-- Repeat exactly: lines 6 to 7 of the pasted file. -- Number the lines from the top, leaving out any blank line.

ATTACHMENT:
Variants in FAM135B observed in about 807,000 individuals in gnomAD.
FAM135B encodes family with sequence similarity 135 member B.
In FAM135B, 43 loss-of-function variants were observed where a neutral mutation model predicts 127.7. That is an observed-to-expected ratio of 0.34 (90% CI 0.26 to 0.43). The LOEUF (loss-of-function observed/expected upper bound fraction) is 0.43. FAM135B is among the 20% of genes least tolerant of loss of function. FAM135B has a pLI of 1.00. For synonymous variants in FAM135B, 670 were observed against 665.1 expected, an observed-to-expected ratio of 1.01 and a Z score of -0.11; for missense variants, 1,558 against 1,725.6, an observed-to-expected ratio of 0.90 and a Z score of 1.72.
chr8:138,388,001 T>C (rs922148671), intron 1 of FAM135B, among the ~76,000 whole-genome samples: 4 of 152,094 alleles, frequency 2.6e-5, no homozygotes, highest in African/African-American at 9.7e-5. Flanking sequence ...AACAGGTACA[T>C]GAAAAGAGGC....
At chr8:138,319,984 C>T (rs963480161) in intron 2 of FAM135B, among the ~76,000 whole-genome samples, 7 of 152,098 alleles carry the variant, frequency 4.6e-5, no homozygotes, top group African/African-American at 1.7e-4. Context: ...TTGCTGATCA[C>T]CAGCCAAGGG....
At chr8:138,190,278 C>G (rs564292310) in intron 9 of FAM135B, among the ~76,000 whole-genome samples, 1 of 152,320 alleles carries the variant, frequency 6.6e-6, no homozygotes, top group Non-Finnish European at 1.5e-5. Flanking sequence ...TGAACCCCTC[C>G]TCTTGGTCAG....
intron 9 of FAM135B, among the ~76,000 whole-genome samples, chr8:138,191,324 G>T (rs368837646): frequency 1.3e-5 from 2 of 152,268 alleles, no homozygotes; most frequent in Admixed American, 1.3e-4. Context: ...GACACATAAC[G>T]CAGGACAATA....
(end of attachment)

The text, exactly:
At chr8:138,190,278 C>G (rs564292310) in intron 9 of FAM135B, among the ~76,000 whole-genome samples, 1 of 152,320 alleles carries the variant, frequency 6.6e-6, no homozygotes, top group Non-Finnish European at 1.5e-5. Flanking sequence ...TGAACCCCTC[C>G]TCTTGGTCAG....
intron 9 of FAM135B, among the ~76,000 whole-genome samples, chr8:138,191,324 G>T (rs368837646): frequency 1.3e-5 from 2 of 152,268 alleles, no homozygotes; most frequent in Admixed American, 1.3e-4. Context: ...GACACATAAC[G>T]CAGGACAATA....